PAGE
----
Table of costs
|Item||Quantity / Size||Cost (MK)|
|Common (red) bricks||7 000||1 750.00|
|Locally made insulation bricks||1 000||2 000|
|Fire bricks (refractories)||250||3 750|
|Fireclay mortar||3 x 50 kg||450|
|Cement||4 x 50 kg||400|
|Hydrated lime||12 x 50 kg||960.00|
|Brickforce (2.5mm steel mesh wire)||1 roll||55|
|Dambo sand||5 m3||250.00|
|River sand||5 m3||250.00|
|Reinforcing bar||6mm round x 55m||220.00|
|200 litre oil drum (ends removed)||1||250.00|
|Angle iron (chimney frame)||40mm x 40mm x 3mm x 6m||240|
|Poles (platform, handrail & scaffold)||20 x 5m x Ø120mm||400.00|
|Timber (scaffold & platform)||12 x 3m planks||480.00|
|Total materials||11 455.00|
|Grand total||18 355.00|
When used for batch burning, the kiln is loaded with alternate layers of firewood and limestone. The size of limestone should be determined by local conditions. Slightly larger stones can be used in the mid section of the kiln where it is hottest. Once limestone at the top of the kiln is red hot and the charge has subsided, it is possible to top up the kiln with small limestones to make use of this heat. The kiln is left to burn out and, when it is cool, quicklime is removed from the bottom loading door and from the fireboxes.
In continuous production, quicklime is removed every thirty minutes or so. At Dedza quicklime is raked to fall through to the fireboxes. Mixed fuel and limestone is loaded into the top of the kiln every two or three hours. Though they are expensive, refractory bricks might be considered for the inner skin when the kiln is used continuously as they will last much longer.
If firewood or charcoal is chosen as a fuel, then lime burners must consider planting trees to provide for the future and counter environmental damage. Alternatives to firewood have been tried. Charcoal does work well. Briquettes of waste material soaked in waste oil burn well but produce unpleasant smoke before they catch fire. Waste oil ‘dripped’ into the inspection holes also produces a lot of smoke and doesn’t work well. However, a system of spraying oil into the kiln at mid height could work. Blowing sawdust into the kiln is also possible, but this requires an electricity supply. Using coal would certainly work.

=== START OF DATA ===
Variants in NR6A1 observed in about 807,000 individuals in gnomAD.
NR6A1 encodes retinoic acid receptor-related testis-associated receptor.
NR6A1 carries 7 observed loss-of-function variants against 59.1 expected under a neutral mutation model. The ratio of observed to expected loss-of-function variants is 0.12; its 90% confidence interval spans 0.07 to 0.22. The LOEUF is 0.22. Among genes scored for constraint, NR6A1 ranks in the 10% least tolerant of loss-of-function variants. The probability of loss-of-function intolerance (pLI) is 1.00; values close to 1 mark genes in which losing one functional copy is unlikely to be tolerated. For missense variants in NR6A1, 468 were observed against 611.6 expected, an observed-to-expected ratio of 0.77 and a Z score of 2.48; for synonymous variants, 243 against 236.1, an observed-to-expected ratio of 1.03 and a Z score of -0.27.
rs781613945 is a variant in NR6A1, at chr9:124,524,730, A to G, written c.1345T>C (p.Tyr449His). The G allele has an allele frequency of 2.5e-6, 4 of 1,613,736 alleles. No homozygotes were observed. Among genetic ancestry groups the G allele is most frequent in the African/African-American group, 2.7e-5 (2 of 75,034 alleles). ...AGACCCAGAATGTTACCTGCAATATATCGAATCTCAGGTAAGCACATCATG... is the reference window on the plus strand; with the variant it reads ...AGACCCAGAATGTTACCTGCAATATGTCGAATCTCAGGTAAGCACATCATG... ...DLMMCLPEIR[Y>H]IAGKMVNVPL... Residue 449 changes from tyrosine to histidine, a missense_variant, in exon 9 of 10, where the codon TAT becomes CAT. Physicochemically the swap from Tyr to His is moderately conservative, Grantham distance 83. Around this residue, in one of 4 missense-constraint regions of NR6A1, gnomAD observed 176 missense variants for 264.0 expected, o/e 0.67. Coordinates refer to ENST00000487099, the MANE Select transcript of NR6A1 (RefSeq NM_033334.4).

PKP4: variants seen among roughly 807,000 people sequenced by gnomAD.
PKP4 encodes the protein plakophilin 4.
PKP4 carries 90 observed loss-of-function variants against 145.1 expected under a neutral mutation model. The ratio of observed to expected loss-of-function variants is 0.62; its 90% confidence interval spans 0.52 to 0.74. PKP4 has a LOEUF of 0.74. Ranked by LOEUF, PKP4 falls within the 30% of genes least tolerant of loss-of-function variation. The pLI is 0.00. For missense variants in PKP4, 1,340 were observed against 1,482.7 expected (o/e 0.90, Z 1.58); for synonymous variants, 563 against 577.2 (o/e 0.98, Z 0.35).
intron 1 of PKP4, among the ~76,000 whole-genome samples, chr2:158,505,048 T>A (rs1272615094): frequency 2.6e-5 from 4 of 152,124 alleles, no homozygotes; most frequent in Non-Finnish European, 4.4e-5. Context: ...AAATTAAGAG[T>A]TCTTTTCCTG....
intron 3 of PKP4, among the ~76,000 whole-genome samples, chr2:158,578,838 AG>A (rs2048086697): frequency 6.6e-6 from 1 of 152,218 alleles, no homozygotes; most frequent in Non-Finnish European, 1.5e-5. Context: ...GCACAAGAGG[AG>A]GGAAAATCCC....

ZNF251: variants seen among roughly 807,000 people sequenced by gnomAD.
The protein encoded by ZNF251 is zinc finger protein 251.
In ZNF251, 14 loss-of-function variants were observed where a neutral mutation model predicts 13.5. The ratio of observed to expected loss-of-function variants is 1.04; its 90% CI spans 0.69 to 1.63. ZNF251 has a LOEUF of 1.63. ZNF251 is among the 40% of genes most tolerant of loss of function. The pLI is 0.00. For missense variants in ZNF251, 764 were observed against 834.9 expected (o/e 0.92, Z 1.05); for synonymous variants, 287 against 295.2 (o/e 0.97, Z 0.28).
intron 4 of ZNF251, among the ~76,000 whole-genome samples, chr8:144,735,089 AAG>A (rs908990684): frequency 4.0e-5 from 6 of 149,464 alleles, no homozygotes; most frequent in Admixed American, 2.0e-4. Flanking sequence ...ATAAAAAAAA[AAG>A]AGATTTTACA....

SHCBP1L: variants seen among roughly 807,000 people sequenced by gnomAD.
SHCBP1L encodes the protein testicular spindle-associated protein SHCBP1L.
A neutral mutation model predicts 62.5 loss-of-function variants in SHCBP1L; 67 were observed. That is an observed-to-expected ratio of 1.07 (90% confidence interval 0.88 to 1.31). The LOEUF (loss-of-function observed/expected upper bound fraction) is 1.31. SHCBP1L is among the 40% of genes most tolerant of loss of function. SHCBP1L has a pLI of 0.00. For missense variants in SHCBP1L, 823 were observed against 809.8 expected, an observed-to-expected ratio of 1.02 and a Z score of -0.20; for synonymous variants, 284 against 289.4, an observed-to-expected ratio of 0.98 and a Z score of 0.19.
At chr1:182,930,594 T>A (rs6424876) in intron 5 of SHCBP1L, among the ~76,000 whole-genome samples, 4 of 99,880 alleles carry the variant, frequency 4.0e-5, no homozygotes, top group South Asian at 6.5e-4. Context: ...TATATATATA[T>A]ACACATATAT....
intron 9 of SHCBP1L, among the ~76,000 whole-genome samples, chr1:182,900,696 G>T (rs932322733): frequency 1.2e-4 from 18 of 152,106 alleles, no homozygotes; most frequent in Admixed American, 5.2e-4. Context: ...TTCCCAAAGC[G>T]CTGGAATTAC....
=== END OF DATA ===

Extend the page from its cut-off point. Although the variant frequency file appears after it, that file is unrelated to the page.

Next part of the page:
In both batch and continuous operation the loading port and output port are sealed with bricks and mud mortar during firing.
Capacity and output
A traditional box kiln would typically have a capacity of more than 15 cubic metres. The experimental Dedza kiln has a capacity of only 3 cubic metres. This could be increased to 12 cubic metres if the sides of the internal shaft were doubled in length to 2 metres. When used for batch burning the Dedza kiln would be suitable for rapid production of small quantities of good quality lime. Fully charged it holds 1620 kilograms of limestone and about 1400 kilograms of dry pine firewood. So the output should be 900 kg of quicklime, giving around 1190 kg of hydrated lime.
Efficiency and fuel use
The efficiency of traditional box kilns varies, but results obtained in Malawi suggest it is typically less than 10%. As a batch kiln the experimental Dedza kiln has achieved 15% efficiency producing much higher quality lime. In continuous operation the experimental kiln has achieved similar efficiencies and product quality. Scaling up the design to 12 cubic metres would be expected to improve performance. Interestingly, this research indicates the way to further improve performance would be to develop small, continuous vertical shaft kilns (VSKs).